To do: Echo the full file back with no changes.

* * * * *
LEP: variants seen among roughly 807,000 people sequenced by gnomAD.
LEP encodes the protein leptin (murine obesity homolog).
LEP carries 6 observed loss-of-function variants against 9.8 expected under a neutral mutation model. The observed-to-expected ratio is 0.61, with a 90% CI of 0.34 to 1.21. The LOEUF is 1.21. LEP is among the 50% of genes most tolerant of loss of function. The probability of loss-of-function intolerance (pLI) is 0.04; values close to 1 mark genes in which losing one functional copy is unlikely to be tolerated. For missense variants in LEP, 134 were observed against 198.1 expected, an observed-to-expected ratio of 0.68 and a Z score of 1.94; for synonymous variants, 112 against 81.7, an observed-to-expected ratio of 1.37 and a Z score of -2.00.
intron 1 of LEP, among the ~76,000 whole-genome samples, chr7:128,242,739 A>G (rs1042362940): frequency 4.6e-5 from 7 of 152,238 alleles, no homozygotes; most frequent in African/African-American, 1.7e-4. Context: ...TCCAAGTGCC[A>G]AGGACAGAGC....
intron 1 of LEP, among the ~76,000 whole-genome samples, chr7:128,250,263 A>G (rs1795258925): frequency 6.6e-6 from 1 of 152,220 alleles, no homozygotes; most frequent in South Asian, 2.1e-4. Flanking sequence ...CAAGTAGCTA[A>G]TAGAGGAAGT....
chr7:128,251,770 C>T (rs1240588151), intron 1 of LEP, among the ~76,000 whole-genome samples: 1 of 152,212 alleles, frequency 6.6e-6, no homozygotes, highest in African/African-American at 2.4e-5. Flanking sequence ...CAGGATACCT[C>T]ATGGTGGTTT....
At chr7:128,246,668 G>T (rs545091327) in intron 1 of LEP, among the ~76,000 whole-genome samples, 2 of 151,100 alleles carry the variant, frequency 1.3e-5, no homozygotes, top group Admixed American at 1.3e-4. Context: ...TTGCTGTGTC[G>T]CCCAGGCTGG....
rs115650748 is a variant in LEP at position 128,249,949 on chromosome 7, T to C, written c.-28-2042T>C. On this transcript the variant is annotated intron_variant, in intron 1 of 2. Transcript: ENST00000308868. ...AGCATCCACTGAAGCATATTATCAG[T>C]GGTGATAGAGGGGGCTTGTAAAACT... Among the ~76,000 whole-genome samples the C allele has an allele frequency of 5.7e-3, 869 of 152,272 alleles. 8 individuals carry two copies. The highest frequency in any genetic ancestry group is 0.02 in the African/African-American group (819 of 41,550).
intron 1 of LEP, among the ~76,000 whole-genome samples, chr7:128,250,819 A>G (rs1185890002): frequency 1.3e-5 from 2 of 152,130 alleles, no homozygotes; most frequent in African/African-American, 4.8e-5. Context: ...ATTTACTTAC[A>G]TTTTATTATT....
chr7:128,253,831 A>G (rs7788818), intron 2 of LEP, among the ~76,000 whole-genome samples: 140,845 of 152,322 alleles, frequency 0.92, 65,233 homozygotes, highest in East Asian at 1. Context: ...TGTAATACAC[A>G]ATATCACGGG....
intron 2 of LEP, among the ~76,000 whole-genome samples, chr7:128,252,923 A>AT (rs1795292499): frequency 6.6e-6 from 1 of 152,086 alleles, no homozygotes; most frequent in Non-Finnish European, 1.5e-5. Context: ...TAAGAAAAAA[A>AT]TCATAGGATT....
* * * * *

LEP: variants seen among roughly 807,000 people sequenced by gnomAD.
LEP encodes the protein leptin (murine obesity homolog).
LEP carries 6 observed loss-of-function variants against 9.8 expected under a neutral mutation model. The observed-to-expected ratio is 0.61, with a 90% CI of 0.34 to 1.21. The LOEUF is 1.21. LEP is among the 50% of genes most tolerant of loss of function. The probability of loss-of-function intolerance (pLI) is 0.04; values close to 1 mark genes in which losing one functional copy is unlikely to be tolerated. For missense variants in LEP, 134 were observed against 198.1 expected, an observed-to-expected ratio of 0.68 and a Z score of 1.94; for synonymous variants, 112 against 81.7, an observed-to-expected ratio of 1.37 and a Z score of -2.00.
intron 1 of LEP, among the ~76,000 whole-genome samples, chr7:128,242,739 A>G (rs1042362940): frequency 4.6e-5 from 7 of 152,238 alleles, no homozygotes; most frequent in African/African-American, 1.7e-4. Context: ...TCCAAGTGCC[A>G]AGGACAGAGC....
intron 1 of LEP, among the ~76,000 whole-genome samples, chr7:128,250,263 A>G (rs1795258925): frequency 6.6e-6 from 1 of 152,220 alleles, no homozygotes; most frequent in South Asian, 2.1e-4. Flanking sequence ...CAAGTAGCTA[A>G]TAGAGGAAGT....
chr7:128,251,770 C>T (rs1240588151), intron 1 of LEP, among the ~76,000 whole-genome samples: 1 of 152,212 alleles, frequency 6.6e-6, no homozygotes, highest in African/African-American at 2.4e-5. Flanking sequence ...CAGGATACCT[C>T]ATGGTGGTTT....
At chr7:128,246,668 G>T (rs545091327) in intron 1 of LEP, among the ~76,000 whole-genome samples, 2 of 151,100 alleles carry the variant, frequency 1.3e-5, no homozygotes, top group Admixed American at 1.3e-4. Context: ...TTGCTGTGTC[G>T]CCCAGGCTGG....
rs115650748 is a variant in LEP at position 128,249,949 on chromosome 7, T to C, written c.-28-2042T>C. On this transcript the variant is annotated intron_variant, in intron 1 of 2. Transcript: ENST00000308868. ...AGCATCCACTGAAGCATATTATCAG[T>C]GGTGATAGAGGGGGCTTGTAAAACT... Among the ~76,000 whole-genome samples the C allele has an allele frequency of 5.7e-3, 869 of 152,272 alleles. 8 individuals carry two copies. The highest frequency in any genetic ancestry group is 0.02 in the African/African-American group (819 of 41,550).
intron 1 of LEP, among the ~76,000 whole-genome samples, chr7:128,250,819 A>G (rs1185890002): frequency 1.3e-5 from 2 of 152,130 alleles, no homozygotes; most frequent in African/African-American, 4.8e-5. Context: ...ATTTACTTAC[A>G]TTTTATTATT....
chr7:128,253,831 A>G (rs7788818), intron 2 of LEP, among the ~76,000 whole-genome samples: 140,845 of 152,322 alleles, frequency 0.92, 65,233 homozygotes, highest in East Asian at 1. Context: ...TGTAATACAC[A>G]ATATCACGGG....
intron 2 of LEP, among the ~76,000 whole-genome samples, chr7:128,252,923 A>AT (rs1795292499): frequency 6.6e-6 from 1 of 152,086 alleles, no homozygotes; most frequent in Non-Finnish European, 1.5e-5. Context: ...TAAGAAAAAA[A>AT]TCATAGGATT....